This post is inspired by something that Push and I were talking about earlier. Now, of course we should all strive to write the best possible stories we can write. At the very least make sure that everything is spelled correctly, the format is easy to read and your grammar and punctuation are correct. Also desirable is writing people in character and having a funny, sad or interesting story to tell, no matter how epic or how short.
If you look at any writer's body of work, chances are not everything they write is going to be amazing. That's not to say that the lesser pieces have to be terrible, but if we all resigned ourselves to only writing amazing, incredible stories then most of us probably wouldn't spend a whole lot of time writing. I'd love for every idea I come up with to be one of those attention-grabbing, unique, epic pieces that people just can't get enough of. But that's probably not all that likely to happen. Sure, it might happen once or twice, but nobody can churn out that kind of thing one after another.
So the trick is to get over it and just keep writing. Accept things for what they are and if you have an idea you think might be fun to write, but maybe you know before you even write it that it's not going to be some incredibly compelling story, go ahead and write it anyway. And share it if you want to. That's not to say you must share every little thing you write, but maybe you don't have to be so hung up on what people will think and hope that they understand just as you do that it is what it is.
I'm still trying to come up with some amazing story idea but it hasn't happened yet. Come on, guys, I have one story that is 1700 words of Leia coming home to find Han in the tub. That's pretty much it. You think I wrote that one night because I thought it would be award-winning literature? Um, no. I wrote it because I was bored, I had a silly, fun idea that I thought maybe some people might enjoy a silly, fun read and hopefully it did not damage my reputation too much. I love writing, I felt like writing, that was what came to me, so I wrote it.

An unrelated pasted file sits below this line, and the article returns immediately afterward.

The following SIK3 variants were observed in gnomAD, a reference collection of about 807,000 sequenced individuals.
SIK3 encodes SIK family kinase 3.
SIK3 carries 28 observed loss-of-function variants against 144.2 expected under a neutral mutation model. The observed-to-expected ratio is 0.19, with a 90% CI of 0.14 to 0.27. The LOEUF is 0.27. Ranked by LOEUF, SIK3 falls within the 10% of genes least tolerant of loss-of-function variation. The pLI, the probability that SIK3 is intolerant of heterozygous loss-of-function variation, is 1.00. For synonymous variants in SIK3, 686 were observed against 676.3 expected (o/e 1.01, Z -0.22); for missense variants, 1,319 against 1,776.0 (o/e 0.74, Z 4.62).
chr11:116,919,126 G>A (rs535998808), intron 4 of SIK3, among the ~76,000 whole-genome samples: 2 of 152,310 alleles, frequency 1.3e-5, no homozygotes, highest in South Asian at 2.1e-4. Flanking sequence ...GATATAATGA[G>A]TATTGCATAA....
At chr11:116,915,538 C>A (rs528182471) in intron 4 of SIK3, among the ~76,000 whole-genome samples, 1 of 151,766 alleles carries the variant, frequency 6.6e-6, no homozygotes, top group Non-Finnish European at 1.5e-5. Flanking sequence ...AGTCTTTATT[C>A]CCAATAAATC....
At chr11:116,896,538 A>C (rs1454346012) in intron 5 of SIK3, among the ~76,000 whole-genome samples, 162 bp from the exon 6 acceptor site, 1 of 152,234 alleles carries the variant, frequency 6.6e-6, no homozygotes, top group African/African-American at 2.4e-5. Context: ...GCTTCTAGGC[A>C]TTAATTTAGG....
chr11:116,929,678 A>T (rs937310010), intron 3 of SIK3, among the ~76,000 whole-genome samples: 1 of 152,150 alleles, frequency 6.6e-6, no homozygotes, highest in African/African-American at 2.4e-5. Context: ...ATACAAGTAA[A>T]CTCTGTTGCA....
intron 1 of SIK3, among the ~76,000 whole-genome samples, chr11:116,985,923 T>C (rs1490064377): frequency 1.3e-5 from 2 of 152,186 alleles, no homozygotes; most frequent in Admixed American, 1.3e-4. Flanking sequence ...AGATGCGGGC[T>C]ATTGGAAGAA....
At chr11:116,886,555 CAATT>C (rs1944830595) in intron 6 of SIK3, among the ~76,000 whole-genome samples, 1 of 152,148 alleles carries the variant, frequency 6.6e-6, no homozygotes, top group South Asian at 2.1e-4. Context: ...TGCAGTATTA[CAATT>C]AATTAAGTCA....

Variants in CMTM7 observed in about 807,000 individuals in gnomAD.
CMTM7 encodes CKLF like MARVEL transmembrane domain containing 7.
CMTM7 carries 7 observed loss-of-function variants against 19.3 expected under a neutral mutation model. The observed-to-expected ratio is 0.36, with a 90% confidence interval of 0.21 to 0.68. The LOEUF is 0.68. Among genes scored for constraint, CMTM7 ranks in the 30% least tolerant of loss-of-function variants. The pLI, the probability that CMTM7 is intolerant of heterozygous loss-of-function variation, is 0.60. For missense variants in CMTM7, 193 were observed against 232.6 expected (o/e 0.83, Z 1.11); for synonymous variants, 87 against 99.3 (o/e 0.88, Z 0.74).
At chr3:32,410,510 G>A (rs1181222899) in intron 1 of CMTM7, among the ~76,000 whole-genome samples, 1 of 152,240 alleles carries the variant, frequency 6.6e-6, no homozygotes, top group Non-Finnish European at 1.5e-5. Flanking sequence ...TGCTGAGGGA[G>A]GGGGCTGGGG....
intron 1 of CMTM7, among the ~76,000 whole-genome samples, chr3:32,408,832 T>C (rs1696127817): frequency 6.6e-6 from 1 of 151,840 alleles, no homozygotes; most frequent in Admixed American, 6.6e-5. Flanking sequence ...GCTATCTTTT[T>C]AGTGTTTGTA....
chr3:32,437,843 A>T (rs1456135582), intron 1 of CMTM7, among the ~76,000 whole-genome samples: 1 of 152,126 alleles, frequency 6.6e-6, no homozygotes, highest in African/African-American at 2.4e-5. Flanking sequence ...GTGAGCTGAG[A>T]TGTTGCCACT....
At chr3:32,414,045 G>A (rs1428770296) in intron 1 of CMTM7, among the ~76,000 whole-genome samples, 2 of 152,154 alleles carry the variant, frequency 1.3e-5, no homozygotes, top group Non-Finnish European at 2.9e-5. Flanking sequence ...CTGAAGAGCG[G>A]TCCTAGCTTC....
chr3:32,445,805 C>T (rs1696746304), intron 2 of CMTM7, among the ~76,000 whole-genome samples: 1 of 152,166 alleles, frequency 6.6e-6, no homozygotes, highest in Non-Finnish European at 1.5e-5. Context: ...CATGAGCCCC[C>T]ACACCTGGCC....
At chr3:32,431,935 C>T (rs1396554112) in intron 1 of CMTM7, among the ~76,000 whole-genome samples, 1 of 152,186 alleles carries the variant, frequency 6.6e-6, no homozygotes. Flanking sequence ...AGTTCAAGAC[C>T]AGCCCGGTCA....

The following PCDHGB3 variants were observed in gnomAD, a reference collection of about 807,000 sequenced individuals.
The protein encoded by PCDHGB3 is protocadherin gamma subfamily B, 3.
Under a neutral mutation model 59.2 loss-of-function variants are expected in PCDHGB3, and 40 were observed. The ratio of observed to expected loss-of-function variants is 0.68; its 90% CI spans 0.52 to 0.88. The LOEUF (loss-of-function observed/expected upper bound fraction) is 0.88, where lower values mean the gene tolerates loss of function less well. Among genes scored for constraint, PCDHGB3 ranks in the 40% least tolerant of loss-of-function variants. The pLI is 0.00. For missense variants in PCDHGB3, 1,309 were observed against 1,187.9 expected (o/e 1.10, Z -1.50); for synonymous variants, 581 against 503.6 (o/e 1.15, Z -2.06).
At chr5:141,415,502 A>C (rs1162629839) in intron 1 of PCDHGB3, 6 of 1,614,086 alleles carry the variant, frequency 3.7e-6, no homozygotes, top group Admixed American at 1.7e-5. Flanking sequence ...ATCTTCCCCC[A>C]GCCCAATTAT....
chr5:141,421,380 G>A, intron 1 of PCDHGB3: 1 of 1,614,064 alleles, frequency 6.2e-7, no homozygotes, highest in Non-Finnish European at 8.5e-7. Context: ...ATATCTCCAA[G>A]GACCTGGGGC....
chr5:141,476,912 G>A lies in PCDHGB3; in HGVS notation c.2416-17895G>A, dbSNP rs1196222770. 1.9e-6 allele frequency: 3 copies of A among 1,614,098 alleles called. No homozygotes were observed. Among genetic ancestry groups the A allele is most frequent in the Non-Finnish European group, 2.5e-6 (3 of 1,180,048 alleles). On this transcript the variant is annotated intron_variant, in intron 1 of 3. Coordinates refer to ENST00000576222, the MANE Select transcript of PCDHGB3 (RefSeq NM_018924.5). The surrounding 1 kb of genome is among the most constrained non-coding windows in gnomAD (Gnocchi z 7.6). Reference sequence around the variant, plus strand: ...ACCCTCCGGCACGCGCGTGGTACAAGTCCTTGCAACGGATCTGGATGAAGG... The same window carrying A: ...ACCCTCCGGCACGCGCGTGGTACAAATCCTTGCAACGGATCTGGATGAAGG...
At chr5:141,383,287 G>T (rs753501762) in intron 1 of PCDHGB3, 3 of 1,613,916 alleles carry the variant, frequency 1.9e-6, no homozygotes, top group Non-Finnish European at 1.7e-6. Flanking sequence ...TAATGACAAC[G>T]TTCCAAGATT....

I think this kind of thing can be especially crippling if you have just finished something that you actually considered to be pretty high quality. You can't think of anything right away that might top it, so you don't write anything. My best advice is just to get over it and not take it too seriously. I've felt the same thing myself in the past and realized there's no real reason to dwell on it. Sure, we get reviews and stuff, but there are not major literary critics out there to tell everyone that we're past our peak. It's all in good fun and we shouldn't lose sight of that.
There are Oscar-winning writers out there who wrote incredible movies and sometimes wrote some less memorable ones. It's okay. It happens. It's just like how sometimes I want to watch The Shawshank Redemption but then other times I'm more in the mood to watch Old School. Do you think I'm deluded enough to think that Old School is a better movie? No, but they can't all be Shawshank and that doesn't mean we can't totally enjoy laughing at Will Ferrell being Frank the Tank.
So again, do the best you can do with your writing, but don't let that internal critic stop you before you even start. Don't be afraid to write something just because you don't think it will be 'good enough.' Otherwise you'll be out of practice when you do come up with a good idea or you'll wind up giving up entirely. And sometimes the bad ideas can lead to the good ideas, so don't stop writing!